Last week, I was at DisneyWorld.

Why? Because my kids have a week off in February and they love the place. Why else? Because I love the place.

There is, it seems to me, a sort of wide-eyed naiveté ascribed to folks who love that place in Orlando, and one which I think is incorrect. If you like theme and/or amusement parks, nobody does it better than Disney and nowhere that I have been is as good as DisneyWorld.

You may be able to find parks with bigger thrills or flashy new rides (not that Disney isn’t constantly offering something new), but there is an attention to detail and seeming desire to impress across the board about Disney that other parks fail to match. If you only go to DisneyWorld, you may be impressed by it, but it’s only when you go elsewhere that you can truly recognize the stark contrasts.

Twice in the past 18 months or so I have been to Hershey Park. I stayed at the nicer of their accommodations, and was truly wowed by the place, but the park itself is rather lackluster. Some of the tracks of the rollercoasters are great, but they lack the theming of a Disney ride. Travel on a rollercoaster at Hershey and you may love the flips, loops, ups and downs, and the rest, but you’re going to be staring out at the terribly bland park the entire time while you’re on the ride.

No, don’t think that’s irrelevant, it’s entirely the point. The best rides tell a story, they make you believe while you’re on the ride. Heck, the make you believe before you’re on the ride. Go to Expedition Everest at Animal Kingdom at DisneyWorld and while you’re waiting on line before you board the coaster, you travel through a museum all about the Yeti, one which mixes Yeti myth with true facts about animals in the area around Everest. It is brilliant and sets the stage for what’s to come. More rides than not at Disney take such an approach, while at other parks it tends to be just a back-and-forth queue.

I don’t really want to single out other places and their issues too much, but give me one more. Take a look at the names of some of the coasters at Hershey: Comet, Fahrenheit, Sidewinder, SooperDooperLooper, and Skyrush to name a few. Sure, there’s a Cocoa Cruiser, but that’s where the chocolate references end. They are just coasters, popped down in the park because there’s space and a desire to add. Or that’s how it feels anyway. It wouldn’t take a lot to have renamed them to fit the Hershey mold or to gussy up the way they look either, but it’s not a priority there. The ride is enough for them, but it shouldn’t be (and many of the rides are exceptionally similar to things you can find elsewhere).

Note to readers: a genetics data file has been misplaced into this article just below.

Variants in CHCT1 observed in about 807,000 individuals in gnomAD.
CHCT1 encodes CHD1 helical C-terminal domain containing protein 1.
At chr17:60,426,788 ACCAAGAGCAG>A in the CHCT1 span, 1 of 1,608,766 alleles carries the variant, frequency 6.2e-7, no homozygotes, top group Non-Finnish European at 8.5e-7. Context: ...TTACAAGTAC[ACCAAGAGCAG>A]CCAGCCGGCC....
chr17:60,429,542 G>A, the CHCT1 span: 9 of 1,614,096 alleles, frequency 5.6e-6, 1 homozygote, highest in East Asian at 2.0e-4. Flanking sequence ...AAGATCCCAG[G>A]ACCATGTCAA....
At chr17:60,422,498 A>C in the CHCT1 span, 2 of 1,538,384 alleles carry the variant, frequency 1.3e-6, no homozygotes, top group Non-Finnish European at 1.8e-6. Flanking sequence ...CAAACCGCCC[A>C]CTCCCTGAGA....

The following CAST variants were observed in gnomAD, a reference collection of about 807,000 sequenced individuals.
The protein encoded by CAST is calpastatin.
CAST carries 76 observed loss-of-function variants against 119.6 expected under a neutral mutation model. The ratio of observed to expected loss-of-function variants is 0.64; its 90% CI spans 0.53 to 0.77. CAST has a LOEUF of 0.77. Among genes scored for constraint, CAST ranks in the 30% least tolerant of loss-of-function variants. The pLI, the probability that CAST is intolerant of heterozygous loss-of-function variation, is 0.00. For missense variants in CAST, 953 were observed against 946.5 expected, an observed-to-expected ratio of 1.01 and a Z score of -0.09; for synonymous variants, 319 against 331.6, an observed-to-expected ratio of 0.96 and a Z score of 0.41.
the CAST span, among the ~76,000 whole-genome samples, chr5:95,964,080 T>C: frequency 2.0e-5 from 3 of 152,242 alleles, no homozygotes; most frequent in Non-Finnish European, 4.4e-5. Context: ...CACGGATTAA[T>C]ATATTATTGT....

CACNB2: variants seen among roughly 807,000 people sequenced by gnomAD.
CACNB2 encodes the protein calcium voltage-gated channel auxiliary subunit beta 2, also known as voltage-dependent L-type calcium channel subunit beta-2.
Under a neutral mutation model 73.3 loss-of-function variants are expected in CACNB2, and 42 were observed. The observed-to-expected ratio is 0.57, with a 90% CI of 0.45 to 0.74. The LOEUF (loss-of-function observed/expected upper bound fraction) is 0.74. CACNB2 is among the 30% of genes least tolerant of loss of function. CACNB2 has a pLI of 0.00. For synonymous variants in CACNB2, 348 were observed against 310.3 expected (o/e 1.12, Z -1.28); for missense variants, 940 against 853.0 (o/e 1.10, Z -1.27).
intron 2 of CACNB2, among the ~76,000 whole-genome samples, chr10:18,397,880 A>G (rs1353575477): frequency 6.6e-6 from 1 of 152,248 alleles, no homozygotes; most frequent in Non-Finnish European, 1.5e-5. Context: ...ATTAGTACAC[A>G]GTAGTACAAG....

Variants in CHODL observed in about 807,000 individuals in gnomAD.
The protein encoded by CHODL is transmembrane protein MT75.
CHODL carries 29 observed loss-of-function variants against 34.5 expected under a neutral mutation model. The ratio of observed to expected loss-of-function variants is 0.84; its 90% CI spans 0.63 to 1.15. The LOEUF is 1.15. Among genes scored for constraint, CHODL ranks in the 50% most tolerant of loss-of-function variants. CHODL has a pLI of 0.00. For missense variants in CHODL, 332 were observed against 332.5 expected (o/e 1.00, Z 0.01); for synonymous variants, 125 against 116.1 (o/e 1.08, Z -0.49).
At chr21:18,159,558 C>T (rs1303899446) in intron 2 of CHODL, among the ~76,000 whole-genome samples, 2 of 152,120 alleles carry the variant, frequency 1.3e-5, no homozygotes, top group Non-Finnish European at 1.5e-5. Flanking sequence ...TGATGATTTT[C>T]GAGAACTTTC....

Imagine if, today, Disney just tossed down a coaster (any ride really) and didn’t bother to do more than have the track/cars exist. It’s unfathomable, and when the Imagineers are really doing their thing, you end up with brilliant interactive queues that allow kids (and adults) to play while they wait for their turn on the ride itself.

It isn’t just on the ride and on the line for the ride, either. It is an attention to detail throughout the park. Go by the new Dumbo ride in the Magic Kingdom and there are fake peanut shells cemented into the walkway. Animal Kingdom has fake animal prints all over the place. Even the hotels on property offer up such amusements.

Without a doubt, some of the rides and areas fall short on this – perhaps most notably the Aerosmith Rock ‘n’ Roller Coaster line and the one for the Barnstormer. But those are the exception not the rule.

Then there are the people – surly employees are the extreme exception at Disney. In fact, everyone seems to go out of their way to make your experience better. The individuals working rides know how to actually manage the queue and the load and unload process. The same cannot be said of other parks, and the difference is a large one – when the employees know what they’re doing, they can get people on and off faster, greatly reducing wait times. The people working at a restaurant or elsewhere at Disney also seem to actually care about how you’re doing and offering up the best experience possible.

The thing is, that this is what happens even when there isn’t money at stake.

At Disney Hollywood Studios there is a Jedi Training show, where kids can sign up to be trained to use a lightsaber on a stage by the Star Tours ride. After a brief walkthrough of some moves, the kids get to “battle” Darth Vader. It is a show held multiple times every day and one which costs nothing for the participants over park admission.

Cynics out there may suggest that the reason Disney does everything so well (even the things they do for free) is to indoctrinate you, to brand you. After all, they are convincing you to buy their product whether it’s on TV, in a park, at the movies, in a store, or any one of who know how many other places.

Isn’t everyone?

When you go to Hershey or Six Flags or Universal, aren’t they all selling you on it the entire way? And, would you really want to go if they stopped caring about you the moment you ponied up the price of admission?

Going to a theme (or amusement) park is all about the experience. It is entirely about what happens after you pay to get in. DisneyWorld does that experience better than anyone else. They do it with MagicBands and monorails and restaurants where the surly are made to sing “I’m a Little Teapot.”

They want you to have fun, to enjoy yourself, and to leave looking forward to your next trip and I do, every time.